Premarital Agreements memorialize the financial circumstances of the parties prior to marriage so that, in the event of a divorce, there is no question as to what each party owned at the outset of the relationship and therefore what remains his or her property should the marriage end. Perhaps more important is that Premarital Agreements can also address whether or not California community property laws will be apply – in whole or in part- during the marriage. By making these decisions at the onset of a marriage, extensive litigation can often be prevented in the event of a dissolution and assets can be preserved.
Pre-marital agreements are often sought by couples who, for example, are entering a second marriage and want to memorialize their current assets or to limit their exposure to paying spousal support; by parties who are beneficiaries of trust funds or those who have received large inheritances; or by individuals of high net worth or business owners who want to ensure their separate assets are documented or remain their separate assets.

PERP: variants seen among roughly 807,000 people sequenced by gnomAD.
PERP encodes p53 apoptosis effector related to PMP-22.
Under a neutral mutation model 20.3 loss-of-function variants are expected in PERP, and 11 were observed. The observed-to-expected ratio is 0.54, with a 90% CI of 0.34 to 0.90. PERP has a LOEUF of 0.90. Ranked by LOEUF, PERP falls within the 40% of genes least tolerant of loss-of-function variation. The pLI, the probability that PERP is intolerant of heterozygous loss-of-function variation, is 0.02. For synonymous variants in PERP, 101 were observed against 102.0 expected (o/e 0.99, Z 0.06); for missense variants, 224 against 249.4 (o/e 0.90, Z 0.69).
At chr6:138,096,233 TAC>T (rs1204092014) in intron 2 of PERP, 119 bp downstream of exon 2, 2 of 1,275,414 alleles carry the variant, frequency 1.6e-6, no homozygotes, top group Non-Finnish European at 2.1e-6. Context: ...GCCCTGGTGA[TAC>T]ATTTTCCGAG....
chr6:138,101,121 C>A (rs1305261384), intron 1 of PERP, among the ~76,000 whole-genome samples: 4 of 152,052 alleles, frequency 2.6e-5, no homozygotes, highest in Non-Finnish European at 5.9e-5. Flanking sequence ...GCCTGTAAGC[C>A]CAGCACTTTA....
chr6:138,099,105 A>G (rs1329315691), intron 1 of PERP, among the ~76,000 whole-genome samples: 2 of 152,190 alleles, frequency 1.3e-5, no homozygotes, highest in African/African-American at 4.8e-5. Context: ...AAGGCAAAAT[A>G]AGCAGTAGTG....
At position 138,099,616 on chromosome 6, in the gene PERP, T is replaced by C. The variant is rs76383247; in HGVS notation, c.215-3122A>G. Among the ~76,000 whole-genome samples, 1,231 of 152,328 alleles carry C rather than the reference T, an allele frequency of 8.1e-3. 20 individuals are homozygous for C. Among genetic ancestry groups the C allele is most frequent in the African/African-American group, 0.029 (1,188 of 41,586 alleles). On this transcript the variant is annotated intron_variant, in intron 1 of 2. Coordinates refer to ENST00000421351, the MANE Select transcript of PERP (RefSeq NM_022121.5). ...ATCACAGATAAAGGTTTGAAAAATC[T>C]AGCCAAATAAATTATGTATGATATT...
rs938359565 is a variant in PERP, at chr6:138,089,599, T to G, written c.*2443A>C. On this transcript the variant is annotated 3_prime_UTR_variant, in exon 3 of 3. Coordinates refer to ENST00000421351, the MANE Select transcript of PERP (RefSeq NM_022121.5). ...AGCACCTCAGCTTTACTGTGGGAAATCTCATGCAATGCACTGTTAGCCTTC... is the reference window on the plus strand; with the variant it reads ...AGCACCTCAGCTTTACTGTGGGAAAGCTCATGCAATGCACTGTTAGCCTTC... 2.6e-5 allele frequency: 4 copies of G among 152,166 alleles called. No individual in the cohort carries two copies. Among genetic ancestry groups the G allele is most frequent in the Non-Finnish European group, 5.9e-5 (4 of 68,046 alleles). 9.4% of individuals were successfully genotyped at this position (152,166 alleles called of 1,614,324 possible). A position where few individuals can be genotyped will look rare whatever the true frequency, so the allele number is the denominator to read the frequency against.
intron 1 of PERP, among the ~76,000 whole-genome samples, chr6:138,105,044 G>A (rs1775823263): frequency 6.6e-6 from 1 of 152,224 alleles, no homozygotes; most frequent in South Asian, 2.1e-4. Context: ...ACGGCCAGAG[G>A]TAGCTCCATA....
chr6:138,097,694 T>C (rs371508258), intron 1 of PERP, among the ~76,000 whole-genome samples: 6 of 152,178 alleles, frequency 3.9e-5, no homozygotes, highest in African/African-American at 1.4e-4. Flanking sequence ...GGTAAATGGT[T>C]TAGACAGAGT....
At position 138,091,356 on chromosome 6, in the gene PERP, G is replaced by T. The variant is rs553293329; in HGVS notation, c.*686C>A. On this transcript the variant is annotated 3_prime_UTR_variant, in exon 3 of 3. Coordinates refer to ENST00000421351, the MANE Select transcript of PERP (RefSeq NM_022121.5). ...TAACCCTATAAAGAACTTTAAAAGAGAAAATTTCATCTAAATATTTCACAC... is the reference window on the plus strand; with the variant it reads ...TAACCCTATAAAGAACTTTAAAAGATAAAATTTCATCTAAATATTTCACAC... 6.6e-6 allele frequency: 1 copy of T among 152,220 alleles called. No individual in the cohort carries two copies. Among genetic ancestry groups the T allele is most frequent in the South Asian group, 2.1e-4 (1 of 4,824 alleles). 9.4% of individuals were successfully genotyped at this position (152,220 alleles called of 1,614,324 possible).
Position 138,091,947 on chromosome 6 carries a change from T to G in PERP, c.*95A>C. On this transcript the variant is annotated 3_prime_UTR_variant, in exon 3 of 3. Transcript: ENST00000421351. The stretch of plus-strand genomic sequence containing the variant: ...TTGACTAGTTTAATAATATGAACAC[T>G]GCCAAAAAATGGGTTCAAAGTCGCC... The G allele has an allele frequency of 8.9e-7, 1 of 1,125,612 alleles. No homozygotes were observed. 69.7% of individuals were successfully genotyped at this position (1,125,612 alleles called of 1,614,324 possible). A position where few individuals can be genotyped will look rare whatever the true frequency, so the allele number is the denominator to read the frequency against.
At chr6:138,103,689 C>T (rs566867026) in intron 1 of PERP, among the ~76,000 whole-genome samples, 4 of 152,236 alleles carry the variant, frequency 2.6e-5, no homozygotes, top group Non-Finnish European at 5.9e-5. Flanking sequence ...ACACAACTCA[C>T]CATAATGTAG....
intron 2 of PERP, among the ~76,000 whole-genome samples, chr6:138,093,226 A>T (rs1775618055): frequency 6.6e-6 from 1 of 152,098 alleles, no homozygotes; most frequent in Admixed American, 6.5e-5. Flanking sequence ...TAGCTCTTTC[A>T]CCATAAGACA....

Both parties must have attorneys to represent them prior to signing a Premarital agreement. Sometimes one attorney will draft the Premarital agreement while another will serve as a reviewing attorney, but very often, many Premarital agreements are drafted with the assistance of a mediator, so that the parties jointly understand and agree to the terms initially, instead of trading drafts through their attorneys. It is still necessary for the parties to have legal advice from their own attorneys if a mediator is used in the process, as it is vital that clients have a thorough understanding of California law and the ways in which their Premarital agreement might differ from that law.